Director and Deputy Chief Building Official, Toronto Building

Toronto government’s long term plans are to “renaturalize” the mouth of the Don River

all text the city,

The Case for Flood Protection

Today, approximately 290 hectares of urban land east and south of the Don River are subject to flood risk. The Don Mouth Naturalization and Port Lands Flood Protection Project (DMNP), a precedent-setting undertaking aimed at revitalizing the mouth of the Don River, is currently underway and will ultimately transform the existing mouth of the Don into a healthier, more naturalized river outlet while simultaneously providing critical flood protection to Toronto’s eastern waterfront.

Following implementation of the DMNP, approximately 8 hectares of urban land bounded by the Don River to the west, Eastern Avenue to the north, and the Metrolinx railway embankment to the south will remain vulnerable to flooding under what is known as a regional storm (a storm of the same magnitude as Hurricane Hazel).

Currently mixed-use and generally underutilized, this flood-vulnerable area consists primarily of commercial and industrial lands with some residential properties to the north. However, the area is also the focus of a number of key city planning and infrastructure initiatives, including the Unilever Precinct Planning Study as well as the Port Lands and South of Eastern Transportation and Servicing Master Plan Environmental Assessment (TSMP).

As part of the future transit hub also planned for the area, the construction of the East Harbour SmartTrack and TTC Relief Line stations as well as the Broadview Avenue Extension will serve to support the planned regeneration and renewal of the Port Lands and South of Eastern area.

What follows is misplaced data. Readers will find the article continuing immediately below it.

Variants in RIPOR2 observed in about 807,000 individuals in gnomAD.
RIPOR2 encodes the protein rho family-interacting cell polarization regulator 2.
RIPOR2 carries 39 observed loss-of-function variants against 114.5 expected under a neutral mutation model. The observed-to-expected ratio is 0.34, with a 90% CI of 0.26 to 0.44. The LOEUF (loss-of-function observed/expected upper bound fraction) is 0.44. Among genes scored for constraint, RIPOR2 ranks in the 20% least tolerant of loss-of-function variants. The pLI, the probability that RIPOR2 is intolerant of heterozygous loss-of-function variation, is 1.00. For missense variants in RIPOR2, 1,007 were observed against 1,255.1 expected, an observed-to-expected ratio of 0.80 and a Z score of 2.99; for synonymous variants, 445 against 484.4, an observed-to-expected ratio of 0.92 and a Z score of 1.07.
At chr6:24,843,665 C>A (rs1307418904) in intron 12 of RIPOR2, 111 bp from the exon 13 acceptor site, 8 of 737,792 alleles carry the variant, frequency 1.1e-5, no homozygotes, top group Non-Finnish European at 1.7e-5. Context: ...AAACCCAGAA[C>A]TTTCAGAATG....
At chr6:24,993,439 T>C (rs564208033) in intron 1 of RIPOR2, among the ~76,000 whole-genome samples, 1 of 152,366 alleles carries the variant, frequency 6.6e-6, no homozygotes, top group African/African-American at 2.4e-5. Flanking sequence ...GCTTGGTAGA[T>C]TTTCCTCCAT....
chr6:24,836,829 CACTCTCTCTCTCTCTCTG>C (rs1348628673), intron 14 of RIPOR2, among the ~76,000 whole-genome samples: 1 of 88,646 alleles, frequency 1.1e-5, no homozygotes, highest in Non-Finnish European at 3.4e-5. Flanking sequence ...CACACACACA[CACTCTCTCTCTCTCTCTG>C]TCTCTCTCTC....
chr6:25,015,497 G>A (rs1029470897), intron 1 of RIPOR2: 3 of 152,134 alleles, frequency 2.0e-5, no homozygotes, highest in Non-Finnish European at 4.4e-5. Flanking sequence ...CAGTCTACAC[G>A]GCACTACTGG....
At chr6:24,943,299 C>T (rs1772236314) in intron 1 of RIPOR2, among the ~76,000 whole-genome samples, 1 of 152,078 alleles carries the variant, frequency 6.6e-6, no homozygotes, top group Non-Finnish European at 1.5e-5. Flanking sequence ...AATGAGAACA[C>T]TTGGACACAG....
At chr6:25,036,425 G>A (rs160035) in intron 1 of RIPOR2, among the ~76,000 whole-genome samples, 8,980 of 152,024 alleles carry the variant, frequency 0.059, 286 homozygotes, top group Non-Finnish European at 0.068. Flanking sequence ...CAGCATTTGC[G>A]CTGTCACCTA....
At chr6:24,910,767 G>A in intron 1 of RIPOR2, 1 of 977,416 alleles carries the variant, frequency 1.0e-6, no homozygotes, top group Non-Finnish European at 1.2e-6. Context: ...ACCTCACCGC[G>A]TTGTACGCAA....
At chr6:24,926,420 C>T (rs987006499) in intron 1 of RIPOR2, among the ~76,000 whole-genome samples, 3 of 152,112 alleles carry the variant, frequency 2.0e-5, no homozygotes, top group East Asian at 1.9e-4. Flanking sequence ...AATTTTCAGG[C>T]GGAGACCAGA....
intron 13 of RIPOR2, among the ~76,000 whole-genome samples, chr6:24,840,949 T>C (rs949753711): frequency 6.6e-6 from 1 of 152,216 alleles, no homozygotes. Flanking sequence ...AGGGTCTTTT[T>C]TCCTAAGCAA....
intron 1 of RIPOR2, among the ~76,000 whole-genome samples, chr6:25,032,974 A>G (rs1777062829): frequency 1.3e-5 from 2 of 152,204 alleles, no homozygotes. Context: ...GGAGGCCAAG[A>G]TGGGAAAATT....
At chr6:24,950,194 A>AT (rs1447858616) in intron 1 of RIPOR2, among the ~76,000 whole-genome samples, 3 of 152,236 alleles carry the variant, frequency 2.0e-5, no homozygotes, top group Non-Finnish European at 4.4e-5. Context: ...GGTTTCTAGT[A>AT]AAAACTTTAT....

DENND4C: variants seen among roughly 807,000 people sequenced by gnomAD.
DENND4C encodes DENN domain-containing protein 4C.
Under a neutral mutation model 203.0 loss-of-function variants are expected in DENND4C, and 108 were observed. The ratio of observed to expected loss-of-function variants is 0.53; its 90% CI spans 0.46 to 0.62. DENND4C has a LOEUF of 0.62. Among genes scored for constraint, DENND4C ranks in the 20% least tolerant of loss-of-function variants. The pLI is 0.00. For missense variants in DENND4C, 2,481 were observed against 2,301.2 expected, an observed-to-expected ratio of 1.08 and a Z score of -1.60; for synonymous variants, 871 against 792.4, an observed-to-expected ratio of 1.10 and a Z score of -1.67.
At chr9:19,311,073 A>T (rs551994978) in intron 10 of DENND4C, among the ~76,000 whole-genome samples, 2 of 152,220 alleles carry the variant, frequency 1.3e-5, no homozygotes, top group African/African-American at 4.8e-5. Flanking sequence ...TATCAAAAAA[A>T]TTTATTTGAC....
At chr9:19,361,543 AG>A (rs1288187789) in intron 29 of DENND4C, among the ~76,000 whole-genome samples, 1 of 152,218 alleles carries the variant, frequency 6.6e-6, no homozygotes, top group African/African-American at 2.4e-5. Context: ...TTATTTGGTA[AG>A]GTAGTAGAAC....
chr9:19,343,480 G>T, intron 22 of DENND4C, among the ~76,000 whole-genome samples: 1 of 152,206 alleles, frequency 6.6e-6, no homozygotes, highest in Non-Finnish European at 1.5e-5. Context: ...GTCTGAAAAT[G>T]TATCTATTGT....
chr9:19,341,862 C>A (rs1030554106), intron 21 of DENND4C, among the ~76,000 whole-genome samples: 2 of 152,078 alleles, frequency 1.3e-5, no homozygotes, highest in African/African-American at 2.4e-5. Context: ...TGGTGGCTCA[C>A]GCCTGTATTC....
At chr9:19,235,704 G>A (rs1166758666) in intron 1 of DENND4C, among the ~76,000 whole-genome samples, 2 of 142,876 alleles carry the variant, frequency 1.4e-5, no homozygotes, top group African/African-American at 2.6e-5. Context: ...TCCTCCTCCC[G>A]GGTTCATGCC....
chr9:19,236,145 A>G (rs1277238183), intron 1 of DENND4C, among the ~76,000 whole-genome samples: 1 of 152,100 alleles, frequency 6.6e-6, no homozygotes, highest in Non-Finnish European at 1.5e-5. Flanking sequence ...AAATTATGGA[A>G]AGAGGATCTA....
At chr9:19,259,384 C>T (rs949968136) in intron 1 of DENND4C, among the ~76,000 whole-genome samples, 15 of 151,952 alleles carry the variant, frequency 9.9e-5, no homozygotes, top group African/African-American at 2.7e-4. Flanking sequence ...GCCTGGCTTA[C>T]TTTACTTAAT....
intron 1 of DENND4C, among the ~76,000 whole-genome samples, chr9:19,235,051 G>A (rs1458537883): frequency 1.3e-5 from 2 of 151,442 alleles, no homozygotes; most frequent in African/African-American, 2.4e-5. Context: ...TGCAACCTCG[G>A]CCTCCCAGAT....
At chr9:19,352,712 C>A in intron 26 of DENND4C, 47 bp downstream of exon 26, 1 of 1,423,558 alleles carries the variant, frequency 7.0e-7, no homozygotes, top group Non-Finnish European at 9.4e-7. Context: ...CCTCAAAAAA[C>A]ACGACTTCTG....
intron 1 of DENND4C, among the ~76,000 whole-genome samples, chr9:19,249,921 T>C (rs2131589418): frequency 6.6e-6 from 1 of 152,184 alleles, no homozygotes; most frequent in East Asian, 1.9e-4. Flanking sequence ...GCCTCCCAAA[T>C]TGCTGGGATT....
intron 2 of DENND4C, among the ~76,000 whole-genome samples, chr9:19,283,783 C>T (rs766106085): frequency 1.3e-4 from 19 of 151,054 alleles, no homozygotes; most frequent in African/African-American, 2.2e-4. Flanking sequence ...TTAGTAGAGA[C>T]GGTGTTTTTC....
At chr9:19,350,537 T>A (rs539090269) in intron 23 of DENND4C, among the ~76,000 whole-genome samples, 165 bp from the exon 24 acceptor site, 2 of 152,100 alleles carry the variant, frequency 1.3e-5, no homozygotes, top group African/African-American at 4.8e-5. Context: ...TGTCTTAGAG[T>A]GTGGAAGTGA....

During a regional storm event, flood waters from the Don River would inundate this 8 hectare area and “spill” eastward through the railway grade separation at Eastern Avenue and into the Riverside Community. The depth and spatial extent of flooding would be further complicated under future land use scenarios planned for the area, such as the Broadview Avenue Extension, which would enhance flood risk to the proposed Unilever Precinct and existing south Riverdale Community due to the creation of an additional flood pathway through the new railway grade separation.

Preliminary analysis completed by the TRCA indicates that a flood protection measure located on the east side of the Don River between Eastern Avenue and the railway embankment may potentially remove the remaining flood risk following full implementation of the DMNP EA, without significantly increasing flood risk upstream or to the west of the river.

However, current land uses as well as geotechnical and infrastructure conditions pose a significant challenge to the implementation of a flood protection structure in this area, which will also need to factor into and integrate with parallel development projects.

The BEFP EA will seek to identify an adaptable flood protection solution that will eliminate the risk of flooding currently posed to the area and integrate effectively with current and future planning initiatives.

Click Here to Learn More About the DMNP EA

Project Objectives

The primary goal of the BEFP is to identify a flood protection solution that will remove the remaining flood risk to the lands east of the Don River and north of the elevated railway embankment following full implementation of the DMNP. Specifically, by providing a flood protection solution the BEFP will:
1.Address flood risk up to and including the regional storm for the 8 hectare area of land;
2.Not increase flood risk elsewhere; and
3.Integrate with concurrent planning and infrastructure plans in the area.

Broadview & Eastern Flood Protection Municipal Class Environmental Assessment



W. H. RAY, proprietor of the Peacock Hotel, Dundas Road

As the Peacock hotel building in the Junction struggles to have it’s rightful place in the community, it is proably time for a small amount of history about the hotels genius.


W. H. RAY, proprietor of the Peacock Hotel, Dundas Road. This old established hotel has been in existence since 1820, and is now one of the oldest houses in the Province.

The present proprietor is a native of London, England, and came to Canada in 1870. He was engaged in theb utchering business for some time, and in 1881 took possession of this hotel, since which time he has received steady support from the travelling public.